Pyruvate for the Treatment of Obesity

March 1999; Volume 2: 31-34

By Dónal P. O’Mathúna, PhD

Have you noticed that your patients’ weights keep climbing? More than half of those 20 and older are overweight, now defined as a body mass index (BMI) of 25-29.9 kg/m2.1 Roughly one quarter of U.S. adults are obese (BMI > 30), as are many children and adolescents.2 Your overweight patients have substantially increased risks of coronary disease, hypertension, type II diabetes, osteoarthritis, cholecystitis, stroke, and sleep apnea. In the words of the World Health Organization, the escalating epidemic is "one of the greatest neglected public health problems of our time."2

Obesity is a complex problem, involving social, behavioral, emotional, cultural, physiological, metabolic, and genetic factors.1 Drug therapy offers some promise, but was set back by the greater-than-previously-reported serious complication rate of fenfluramine, often used in combination with phentermine as "Phen/Fen." Memories of fenfluramine and dexfenfluramine’s market withdrawal, and all those worrisome cardiac ultrasounds in otherwise healthy young women now makes prescription of sibutramine and orlistat just that much less appealing.


Among alternative approaches, pyruvate is the hottest supplement around. Internet sites proclaim it as the newest and best "fat burner." It is said to boost overall weight loss by 37% and enhance fat loss by 48%.3 Promoters say it lowers cholesterol levels, improves cardiovascular health, and increases athletic endurance. They also claim the support of 25 years of extensive scientific research published in peer-reviewed journals.

So should physicians recommend that overweight patients add pyruvate to their dieting regimens? Not if they look closely at the reported studies.


Pyruvate (or pyruvic acid) is a metabolite of glucose you encountered in biochemistry as a product of glycolysis. Pyruvate forms an important junction in carbohydrate catabolism, being reduced to lactic acid under anaerobic conditions. Aerobic conditions bring it into the citric acid cycle, allowing its complete oxidation to CO2 and H2O.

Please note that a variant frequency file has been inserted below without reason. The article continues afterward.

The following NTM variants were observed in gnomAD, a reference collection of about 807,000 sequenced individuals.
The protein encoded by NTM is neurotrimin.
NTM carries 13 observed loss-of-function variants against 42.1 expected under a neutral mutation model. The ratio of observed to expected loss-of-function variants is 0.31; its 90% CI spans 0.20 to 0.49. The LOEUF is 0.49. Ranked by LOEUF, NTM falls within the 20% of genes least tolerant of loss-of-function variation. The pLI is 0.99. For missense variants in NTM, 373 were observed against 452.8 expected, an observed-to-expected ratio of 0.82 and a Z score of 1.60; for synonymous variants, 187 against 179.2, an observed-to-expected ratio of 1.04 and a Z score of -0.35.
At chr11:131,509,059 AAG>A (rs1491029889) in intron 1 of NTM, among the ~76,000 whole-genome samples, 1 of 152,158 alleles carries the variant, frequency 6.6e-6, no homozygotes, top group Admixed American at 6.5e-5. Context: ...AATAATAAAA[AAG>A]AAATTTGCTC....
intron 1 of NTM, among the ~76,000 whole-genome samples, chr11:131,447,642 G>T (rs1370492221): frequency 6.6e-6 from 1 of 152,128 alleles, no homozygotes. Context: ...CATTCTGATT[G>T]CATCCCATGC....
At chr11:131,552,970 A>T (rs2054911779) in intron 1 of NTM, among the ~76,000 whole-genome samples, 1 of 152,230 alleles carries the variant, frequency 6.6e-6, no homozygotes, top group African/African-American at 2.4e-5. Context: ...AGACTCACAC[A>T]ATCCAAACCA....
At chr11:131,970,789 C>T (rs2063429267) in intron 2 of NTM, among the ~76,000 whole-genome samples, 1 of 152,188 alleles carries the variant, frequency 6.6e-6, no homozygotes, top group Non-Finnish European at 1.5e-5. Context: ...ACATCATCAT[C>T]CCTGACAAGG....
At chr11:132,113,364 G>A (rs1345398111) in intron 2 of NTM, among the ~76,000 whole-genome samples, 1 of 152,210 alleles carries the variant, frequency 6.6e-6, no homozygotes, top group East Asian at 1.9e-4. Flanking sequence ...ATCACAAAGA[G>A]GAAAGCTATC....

Dietary interest in pyruvate began in the late 1970s when animal studies revealed that large quantities of different natural metabolites altered lipid and carbohydrate metabolism.4 Rats raised on ethanol failed to develop fatty liver steatosis when fed pyruvate and/or dihydroxyacetone (DHA). DHA is closely related to another glucose metabolite, DHA-phosphate, and was one of a number of metabolites tested in these studies. Subsequent studies showed that adding pyruvate and DHA to animal diets produced the largest reductions in weight gain and body fat, while increasing heat production and energy expenditure.4

Mechanism of Action

Pyruvate’s mechanism of action in weight loss is unknown. One proposal is based on the reversible conversion of pyruvate to phosphoenolpyruvate, another glucose metabolite. This may be a "futile cycle" where the reaction runs forward and backward, continuously expending energy.5 This theory is supported by the greater heat production and energy expenditure found in animal studies.

Pyruvate also appears to improve glucose uptake by skeletal muscle. Rats fed pyruvate have lower plasma insulin levels, without increased plasma glucose concentrations. Human studies showed that pyruvate and DHA increased glucose extraction by muscles, but plasma insulin levels remained unchanged.6,7

Clinical Studies

Claims that pyruvate suppresses appetite are based on one animal study.4 The authors state that pyruvate’s taste could also account for their observations. A Medline search (using "pyruvate," "weight loss," and "human") revealed four clinical studies, all coordinated by the same researcher, Ronald T. Stanko, MD, at the University of Pittsburgh Medical Center. Three 1998 reviews revealed no additional studies.8,9,10

The first weight-loss study reported by Stanko et al was conducted on 13 obese women (average BMI 38.9 kg/m2; average age 48 years).11 Subjects were confined to bed in a metabolic ward, observed continuously, and allowed no exercise. Participants were randomly divided between two groups, although the number in each group was not reported. All were placed on a severely restricted liquid diet (500 kcal/d) for 21 days, with one group receiving a placebo while the other received pyruvate (26 g) plus DHA (12 g) daily. Those taking pyruvate- DHA showed greater overall weight loss (6.5 kg vs. 5.6 kg; P < 0.05) and greater fat loss (4.3 kg vs. 3.5 kg; P < 0.05).